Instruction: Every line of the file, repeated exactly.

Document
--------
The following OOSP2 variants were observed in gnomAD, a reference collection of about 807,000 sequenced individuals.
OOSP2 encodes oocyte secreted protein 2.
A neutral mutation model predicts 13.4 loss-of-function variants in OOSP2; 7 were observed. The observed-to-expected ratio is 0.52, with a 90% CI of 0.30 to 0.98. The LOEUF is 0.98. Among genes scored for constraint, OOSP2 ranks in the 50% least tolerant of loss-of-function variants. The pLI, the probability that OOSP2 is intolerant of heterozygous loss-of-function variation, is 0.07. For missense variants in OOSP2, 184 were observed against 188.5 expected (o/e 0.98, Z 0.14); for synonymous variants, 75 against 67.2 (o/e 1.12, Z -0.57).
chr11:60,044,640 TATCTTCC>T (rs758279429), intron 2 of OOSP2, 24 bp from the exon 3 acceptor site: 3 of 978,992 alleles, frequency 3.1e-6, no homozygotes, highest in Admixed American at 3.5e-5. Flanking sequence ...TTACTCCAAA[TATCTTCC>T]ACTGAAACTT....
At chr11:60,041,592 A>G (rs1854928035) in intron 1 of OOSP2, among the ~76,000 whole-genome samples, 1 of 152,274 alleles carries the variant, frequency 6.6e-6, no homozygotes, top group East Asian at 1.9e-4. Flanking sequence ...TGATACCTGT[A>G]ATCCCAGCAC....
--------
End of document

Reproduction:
The following OOSP2 variants were observed in gnomAD, a reference collection of about 807,000 sequenced individuals.
OOSP2 encodes oocyte secreted protein 2.
A neutral mutation model predicts 13.4 loss-of-function variants in OOSP2; 7 were observed. The observed-to-expected ratio is 0.52, with a 90% CI of 0.30 to 0.98. The LOEUF is 0.98. Among genes scored for constraint, OOSP2 ranks in the 50% least tolerant of loss-of-function variants. The pLI, the probability that OOSP2 is intolerant of heterozygous loss-of-function variation, is 0.07. For missense variants in OOSP2, 184 were observed against 188.5 expected (o/e 0.98, Z 0.14); for synonymous variants, 75 against 67.2 (o/e 1.12, Z -0.57).
chr11:60,044,640 TATCTTCC>T (rs758279429), intron 2 of OOSP2, 24 bp from the exon 3 acceptor site: 3 of 978,992 alleles, frequency 3.1e-6, no homozygotes, highest in Admixed American at 3.5e-5. Flanking sequence ...TTACTCCAAA[TATCTTCC>T]ACTGAAACTT....
At chr11:60,041,592 A>G (rs1854928035) in intron 1 of OOSP2, among the ~76,000 whole-genome samples, 1 of 152,274 alleles carries the variant, frequency 6.6e-6, no homozygotes, top group East Asian at 1.9e-4. Flanking sequence ...TGATACCTGT[A>G]ATCCCAGCAC....